I admit that I didn't go into Fin with as open a mind as I should have. I just thought the restaurant's full name, Fin Steak & Seafood, was weird. Shouldn't it be Fin Seafood? Or if beef is an important part of your raison d'etre, shouldn't you call yourself something other than Fin?
But as somebody once said, "What's in a name?" It simply doesn't matter when the kitchen is producing food this good.
From what I can tell, the kitchen of Fells Point's newest fine-dining restaurant is pretty much a one-man show. The man is Avi Cohen, owner/chef. Because of that, I shudder to think what eating at Fin will be like if every table is taken. The dining room was about a third full when we were there, and the wait for both our entrees and dessert was too long.
But on to more positive things. What I like is that Fin has a straightforward menu without much in the way of pretensions, so the elegance of the food comes as something of a surprise. One of the best examples of this is an appetizer: Pink shrimp and snowy scallops lounge together next to a bit of fennel slaw refreshed with orange segments. The components are very pretty against their white plate.
You expect a restaurant this close to the tourist areas to emphasis its crab cakes, and Fin does. The way to experience them if you're not a tourist is with the trio for an appetizer. They are miniatures, made from a basic mix of lump meat, the right seasonings and just enough filler. One is given an Asian flair with sesame seeds and a soy-based sauce, one is southwestern-spicy with a chipotle sauce and one is a classic Maryland cake - what you get if you order the twin 4-ounce crab cakes for dinner.
A roasted portobello mushroom is stuffed with feta and sun-dried tomatoes, then finished off with a roasted red pepper puree and a scattering of pine nuts for crunch. The flavors are distinct but quite complementary.
I'm not a huge chopped salad fan because it never has as much visual appeal as a composed salad; but Fin's combination of romaine, artichoke, hearts of palm, tomato, red onion and Greek olives works so well together, and is so nicely set off by the right amount of lemon dressing, I have to recommend it.
Fin's entree prices, mostly in the $20-$30 range, make this a moderately priced to moderately expensive restaurant. The steaks skew prices upward, but they are very good beef, well-marbled and flavorful, cooked to your exact request with not much more in the way of seasoning than salt, pepper and a sprinkling of parsley. And it's not like the upscale steakhouses. Dinners come with sides, in this case a crisp-edged wedge of potatoes gratin, just out of the oven, and broccolini.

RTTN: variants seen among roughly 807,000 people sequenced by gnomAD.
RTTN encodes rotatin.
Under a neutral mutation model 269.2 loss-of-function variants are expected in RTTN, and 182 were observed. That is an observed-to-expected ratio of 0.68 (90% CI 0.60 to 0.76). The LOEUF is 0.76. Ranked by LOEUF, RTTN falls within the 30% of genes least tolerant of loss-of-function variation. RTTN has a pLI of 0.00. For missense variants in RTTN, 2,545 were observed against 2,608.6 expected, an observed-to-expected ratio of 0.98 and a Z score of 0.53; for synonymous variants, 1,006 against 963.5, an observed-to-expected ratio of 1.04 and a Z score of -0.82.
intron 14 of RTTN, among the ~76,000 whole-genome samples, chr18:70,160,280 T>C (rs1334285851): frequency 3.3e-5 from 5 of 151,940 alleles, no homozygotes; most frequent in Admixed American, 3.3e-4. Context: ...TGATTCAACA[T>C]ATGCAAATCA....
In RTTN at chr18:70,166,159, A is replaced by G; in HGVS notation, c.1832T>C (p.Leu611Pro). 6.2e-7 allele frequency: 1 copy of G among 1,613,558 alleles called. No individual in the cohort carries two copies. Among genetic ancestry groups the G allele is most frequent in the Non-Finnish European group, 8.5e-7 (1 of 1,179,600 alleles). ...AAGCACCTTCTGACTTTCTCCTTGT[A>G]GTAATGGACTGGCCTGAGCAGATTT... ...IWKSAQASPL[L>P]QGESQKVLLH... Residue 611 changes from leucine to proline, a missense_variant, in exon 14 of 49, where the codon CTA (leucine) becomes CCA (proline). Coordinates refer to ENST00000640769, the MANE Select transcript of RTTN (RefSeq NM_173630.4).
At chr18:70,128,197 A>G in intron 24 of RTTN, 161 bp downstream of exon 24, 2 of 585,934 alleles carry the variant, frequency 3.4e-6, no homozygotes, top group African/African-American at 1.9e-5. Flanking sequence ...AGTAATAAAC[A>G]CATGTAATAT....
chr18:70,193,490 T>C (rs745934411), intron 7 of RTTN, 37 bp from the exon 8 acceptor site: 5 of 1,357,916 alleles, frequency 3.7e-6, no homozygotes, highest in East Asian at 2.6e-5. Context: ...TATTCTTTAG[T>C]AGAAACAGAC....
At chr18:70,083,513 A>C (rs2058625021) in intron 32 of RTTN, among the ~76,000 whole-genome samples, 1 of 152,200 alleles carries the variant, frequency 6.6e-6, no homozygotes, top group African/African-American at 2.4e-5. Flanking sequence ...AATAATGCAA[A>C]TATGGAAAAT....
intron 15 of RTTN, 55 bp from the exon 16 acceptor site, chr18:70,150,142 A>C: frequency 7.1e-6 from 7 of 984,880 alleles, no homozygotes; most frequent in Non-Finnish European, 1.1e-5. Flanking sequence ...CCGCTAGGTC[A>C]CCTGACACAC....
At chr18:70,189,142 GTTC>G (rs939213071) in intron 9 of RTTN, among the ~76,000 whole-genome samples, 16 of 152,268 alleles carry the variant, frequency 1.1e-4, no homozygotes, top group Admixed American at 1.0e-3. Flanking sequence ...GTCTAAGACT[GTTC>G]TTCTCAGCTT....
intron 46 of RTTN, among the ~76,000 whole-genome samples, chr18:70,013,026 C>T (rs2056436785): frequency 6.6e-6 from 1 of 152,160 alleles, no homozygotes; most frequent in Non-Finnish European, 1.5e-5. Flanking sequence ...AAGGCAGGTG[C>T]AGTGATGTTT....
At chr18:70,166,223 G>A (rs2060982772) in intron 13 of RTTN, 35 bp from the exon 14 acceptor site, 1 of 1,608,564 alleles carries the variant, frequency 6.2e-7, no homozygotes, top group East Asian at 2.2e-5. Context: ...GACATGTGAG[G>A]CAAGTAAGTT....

Even better was the double rib pork chop, almost fork tender and slightly pink, with a crust of colored peppercorns that held in the juices. A cloud of mashed potatoes floated nearby, and a little apple slaw rounded out a very fine plate.
But seafood may be the best choice after all. It would be hard to fault the mahi mahi, a special that night, served in a fiery Thai coconut milk sauce, with rice and bok choy. Or the delicate, beautiful cioppino, with shrimp, scallops, clams, calamari and whatever fish is freshest delicately swimming in a saffron-tinged broth with chopped fresh tomatoes.
So why doesn't Fin's food get four stars? I'm afraid our desserts didn't reach the heights of the rest of our meal. The specialty is strawberry shortcake made with grilled pound cake, but the grill marks gave the dessert a faint charred flavor. Bring me instead just the strawberries soaked in balsamic vinegar (yum) with vanilla ice cream and whipped mascarpone.
The white-chocolate banana bread pudding was oddly flavorless and a bit dry, and the creme anglaise was so discreetly applied as to be almost nonexistent. Only the coffee-toffee cheesecake with caramel sauce lived up to its advance billing.
I don't get the feeling that wine is a priority at Fin, at least not yet, but the list is respectable and pretty reasonable; and the selection by the glass is good.
If you know Fin's space, you know it's the basement dining room of the Admiral Fell Inn and has "historic" fieldstone walls, which no one wants to cover up. There's only so much you can do with these two givens. Fin has done its best, although carpeting would be nice for the noise. The look is contemporary but muted, with lots of dark blue and comfortably spaced tables. The Big Band music makes you think of ordering a martini. My big complaint was the cold. Refrigerator cold. I sympathized with the little girl near us who said nothing to her parents through the whole meal that I could hear except, "I'm very tired, and I'm very cold."
This was one of the best meals I've had in a while, and Fin is a great addition to Fells Point. But don't forget the bottom line: If this sounds like a restaurant you want to try, go on an off day at an off hour, or don't say I didn't warn you.
Fin Steak & Seafood
Address:: 888 S. Broadway, Fells Point
Hours:: Open for dinner Wednesday through Saturday
Prices:: Appetizers, : $6-$11; entrees, : $15-$36
Call:: 410-522-2195, fin-restaurant.com
Outstanding: **** Good: *** Fair or uneven: ** Poor *
Food*** 1/2 (3 1/2 stars)
Service** 1/2 (2 1/2 stars)
Atmosphere** 1/2 (2 1/2 stars)
Check out restaurant critic Elizabeth Large's daily blog (baltimore sun.com/diningatlarge) for restaurant news and notes and reader feedback. Don't miss Top 10 Tuesdays.